This 2009 sci-fi horror film is written and directed by Richard Kelly (of Donnie Darko and Southland Tales fame) and is based on the 1970 short story Button, Button by Richard Matheson (he of I Am Legend fame). The Box stars Cameron Diaz and James Marsden as a married couple who are presented with a box and with a button by a stranger who offers them 1 million dollars if they press said button. The only drawback is that if they press the button someone they do not know will die. Is the price of a complete strangers life worth a million dollars, and once the button is pressed, is there a way back from the knowledge that you were the cause of someone’s death?
The question in all of the incarnations of Button, Button is, “what is it to know somebody?”, a universal question akin to what’s the meaning of life and why is South Park so funny. And this movie plays with that concept further, by tying it’s structure around the writing of French existentialist Jean-Paul Sartre, the thought that since there is no god, no creator, in Satre’s words, “we are left alone without excuse.” Basically since one cannot explain their own actions and behavior by referencing any specific human nature, they are necessarily fully responsible for those actions. Which is basically why I’ve always enjoyed all of Richard Kelly’s films, even his heavily flawed sophomoric effort Southland Tales- all his movies deal with some form of existentialistic thought.
Anyway, the original 1970 short story was first published in Playboy (see, people can really read Playboy for the stories) and was originally adapted for the 1985 reboot of the Twilight Zone television series. The Box even has a Twilight Zone type soundtrack, the sweeping horns, the striking violins, all to leave the viewer with a sense of paranoia and dread. I was wondering how they could drag out what has always been a short story and a 30 minute television show to a near 2 hour film. I needn’t have worried, because I absolutely loved this film, and it’s easily one of my favorite films of the year.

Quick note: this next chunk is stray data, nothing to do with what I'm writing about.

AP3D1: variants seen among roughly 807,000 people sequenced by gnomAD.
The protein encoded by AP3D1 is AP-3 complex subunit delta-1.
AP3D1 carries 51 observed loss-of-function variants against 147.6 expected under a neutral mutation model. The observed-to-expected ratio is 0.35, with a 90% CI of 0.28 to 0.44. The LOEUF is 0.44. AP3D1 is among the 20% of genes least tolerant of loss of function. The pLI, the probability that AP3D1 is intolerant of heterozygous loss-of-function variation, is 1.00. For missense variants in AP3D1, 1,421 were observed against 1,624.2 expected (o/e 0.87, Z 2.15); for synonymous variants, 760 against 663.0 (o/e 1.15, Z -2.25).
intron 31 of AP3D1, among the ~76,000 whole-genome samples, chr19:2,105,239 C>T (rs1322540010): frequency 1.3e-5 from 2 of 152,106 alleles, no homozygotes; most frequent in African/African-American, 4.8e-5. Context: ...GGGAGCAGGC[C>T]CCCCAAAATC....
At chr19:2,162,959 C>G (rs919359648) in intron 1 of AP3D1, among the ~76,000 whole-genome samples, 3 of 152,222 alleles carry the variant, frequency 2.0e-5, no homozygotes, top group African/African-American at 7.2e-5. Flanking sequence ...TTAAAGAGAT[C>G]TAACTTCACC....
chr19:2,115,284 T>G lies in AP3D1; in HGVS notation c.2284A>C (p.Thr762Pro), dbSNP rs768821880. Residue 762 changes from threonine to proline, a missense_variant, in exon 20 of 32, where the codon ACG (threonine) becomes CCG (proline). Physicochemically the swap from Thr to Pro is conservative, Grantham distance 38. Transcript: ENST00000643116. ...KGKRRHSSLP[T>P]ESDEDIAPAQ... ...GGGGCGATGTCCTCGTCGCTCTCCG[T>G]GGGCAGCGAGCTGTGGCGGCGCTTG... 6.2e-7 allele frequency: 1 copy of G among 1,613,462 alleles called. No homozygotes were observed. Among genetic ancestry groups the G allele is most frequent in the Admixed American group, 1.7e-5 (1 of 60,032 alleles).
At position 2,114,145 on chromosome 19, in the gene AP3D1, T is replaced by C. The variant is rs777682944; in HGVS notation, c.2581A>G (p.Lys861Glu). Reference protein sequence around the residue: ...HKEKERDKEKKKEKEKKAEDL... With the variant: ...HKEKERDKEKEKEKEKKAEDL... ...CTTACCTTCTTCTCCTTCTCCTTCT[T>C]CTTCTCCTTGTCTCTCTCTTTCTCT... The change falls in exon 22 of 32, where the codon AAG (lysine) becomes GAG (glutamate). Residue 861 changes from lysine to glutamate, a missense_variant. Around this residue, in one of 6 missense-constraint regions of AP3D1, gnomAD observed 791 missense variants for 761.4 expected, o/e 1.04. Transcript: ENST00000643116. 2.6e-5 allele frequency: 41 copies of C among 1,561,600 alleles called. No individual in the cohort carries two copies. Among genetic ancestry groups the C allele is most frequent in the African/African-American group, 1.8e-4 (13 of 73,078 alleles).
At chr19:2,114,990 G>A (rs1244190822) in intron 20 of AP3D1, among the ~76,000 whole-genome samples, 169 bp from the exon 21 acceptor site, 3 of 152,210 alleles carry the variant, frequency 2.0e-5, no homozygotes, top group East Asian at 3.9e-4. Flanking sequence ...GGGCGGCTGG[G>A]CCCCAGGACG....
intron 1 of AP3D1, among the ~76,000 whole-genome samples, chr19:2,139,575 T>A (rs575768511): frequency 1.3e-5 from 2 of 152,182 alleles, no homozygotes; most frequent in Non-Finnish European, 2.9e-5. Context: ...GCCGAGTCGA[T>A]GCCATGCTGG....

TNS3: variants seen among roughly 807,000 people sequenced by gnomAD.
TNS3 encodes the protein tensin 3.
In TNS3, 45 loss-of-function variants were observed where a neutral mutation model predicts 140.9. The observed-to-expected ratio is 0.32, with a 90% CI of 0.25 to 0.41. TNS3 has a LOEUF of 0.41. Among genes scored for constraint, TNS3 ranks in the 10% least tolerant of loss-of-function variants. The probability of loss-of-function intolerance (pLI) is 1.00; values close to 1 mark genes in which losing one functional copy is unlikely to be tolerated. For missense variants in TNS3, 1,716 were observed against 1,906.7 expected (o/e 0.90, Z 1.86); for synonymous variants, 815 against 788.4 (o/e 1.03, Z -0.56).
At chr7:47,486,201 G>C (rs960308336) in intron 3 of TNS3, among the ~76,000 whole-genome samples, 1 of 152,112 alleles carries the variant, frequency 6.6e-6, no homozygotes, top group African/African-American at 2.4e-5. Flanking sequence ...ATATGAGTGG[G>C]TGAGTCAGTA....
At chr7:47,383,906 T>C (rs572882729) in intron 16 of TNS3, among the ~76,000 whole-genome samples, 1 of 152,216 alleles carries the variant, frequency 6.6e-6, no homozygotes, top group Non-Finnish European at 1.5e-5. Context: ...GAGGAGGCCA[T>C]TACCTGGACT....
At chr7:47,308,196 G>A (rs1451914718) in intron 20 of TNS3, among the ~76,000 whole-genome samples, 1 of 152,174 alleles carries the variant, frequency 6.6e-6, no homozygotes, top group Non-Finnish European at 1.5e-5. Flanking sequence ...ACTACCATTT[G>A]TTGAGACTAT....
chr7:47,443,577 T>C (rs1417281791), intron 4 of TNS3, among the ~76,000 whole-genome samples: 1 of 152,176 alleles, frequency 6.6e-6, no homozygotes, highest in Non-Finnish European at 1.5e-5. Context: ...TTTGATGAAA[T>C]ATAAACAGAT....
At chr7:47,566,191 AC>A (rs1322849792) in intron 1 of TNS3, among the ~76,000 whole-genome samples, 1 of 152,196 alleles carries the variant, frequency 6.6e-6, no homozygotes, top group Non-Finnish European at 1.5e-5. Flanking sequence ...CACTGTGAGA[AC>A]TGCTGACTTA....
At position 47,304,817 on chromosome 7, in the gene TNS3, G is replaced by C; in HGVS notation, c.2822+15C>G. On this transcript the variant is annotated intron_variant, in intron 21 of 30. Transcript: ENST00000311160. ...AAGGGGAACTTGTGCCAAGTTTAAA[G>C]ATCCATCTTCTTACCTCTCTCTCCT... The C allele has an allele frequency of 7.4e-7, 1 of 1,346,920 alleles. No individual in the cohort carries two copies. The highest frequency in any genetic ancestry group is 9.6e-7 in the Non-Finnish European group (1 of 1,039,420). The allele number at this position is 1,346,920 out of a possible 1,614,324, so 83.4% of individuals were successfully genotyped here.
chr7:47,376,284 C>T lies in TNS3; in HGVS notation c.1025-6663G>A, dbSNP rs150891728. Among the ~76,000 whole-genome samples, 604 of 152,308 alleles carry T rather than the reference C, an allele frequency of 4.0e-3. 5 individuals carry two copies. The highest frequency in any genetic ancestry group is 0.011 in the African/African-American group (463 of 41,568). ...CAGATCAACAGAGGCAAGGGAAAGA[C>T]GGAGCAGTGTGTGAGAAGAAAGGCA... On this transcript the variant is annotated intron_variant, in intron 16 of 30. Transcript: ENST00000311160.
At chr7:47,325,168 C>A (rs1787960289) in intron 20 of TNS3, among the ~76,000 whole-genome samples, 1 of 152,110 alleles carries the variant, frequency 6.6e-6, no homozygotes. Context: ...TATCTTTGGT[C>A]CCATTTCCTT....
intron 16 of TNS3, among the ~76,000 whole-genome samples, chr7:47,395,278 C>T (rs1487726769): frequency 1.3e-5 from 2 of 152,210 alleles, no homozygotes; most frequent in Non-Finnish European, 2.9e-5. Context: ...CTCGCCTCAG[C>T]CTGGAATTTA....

For a director with only 3 films under his belt, Kelly has an amazing eye. The tracking shots, the camera angles, watching this film, you can really tell that the man directing the film really lives and knows a lot about films. Every shot just seems to fall into place. The Box is a slow burn though, a very slow burn, with nearly 2 hours of set-up until the payoff, but anyone familiar with Kelly’s work already knows to expect that. But it’s because of it’s slow burn that makes The Box so compelling, so mesmerizing.
For me the weak point of the movie was Cameron Diaz. She really can’t act, and the choice to give her a soft spoken southern accent, akin to Anna Paquin’s X-Men, Rogue and Sookie Stackhouse from True Blood, is a really odd choice since it adds nothing to the story and makes her character seem at odds with the world around her. And hey, Cameron using an accent ain’t helping her acting. James Marsden is a passable Cyclops and Frank Langella (who many may know as Skeletor from the He-Man move) is absolutely fantastic as always as the man behind the box and movie, Arlington Steward.
For anyone that has seen the Twilight Zone adaptation, this film acts as almost an extension of that television episode. The first 30 minutes of the film are the Twilight Zone episode, and the film continues after the episode for those wondering about the consequences, the what happened after the episode ended to the characters. The remake ending was always inferior to the original story ending, but it was the only ending that Richard Kelly could follow that would have a necessary sequel. So basically the movie tries to add to the tv ending with more of a surreal Donnie Darko sci-fi bent that comes out of nowhere, and being a fan of the Button, Button and Donne Darko, I really really liked what Richard Kelly was going for here. Sadly this film has been out for over a month now and has only grossed 14 million domestically on its 30 million dollar budget.
So yeah, all in all, a definite, “bring your lunch from home because you do not want to miss this one” rating. A sadly overlooked gem of 2009, one that I hope will find a larger audience once it hits dvd.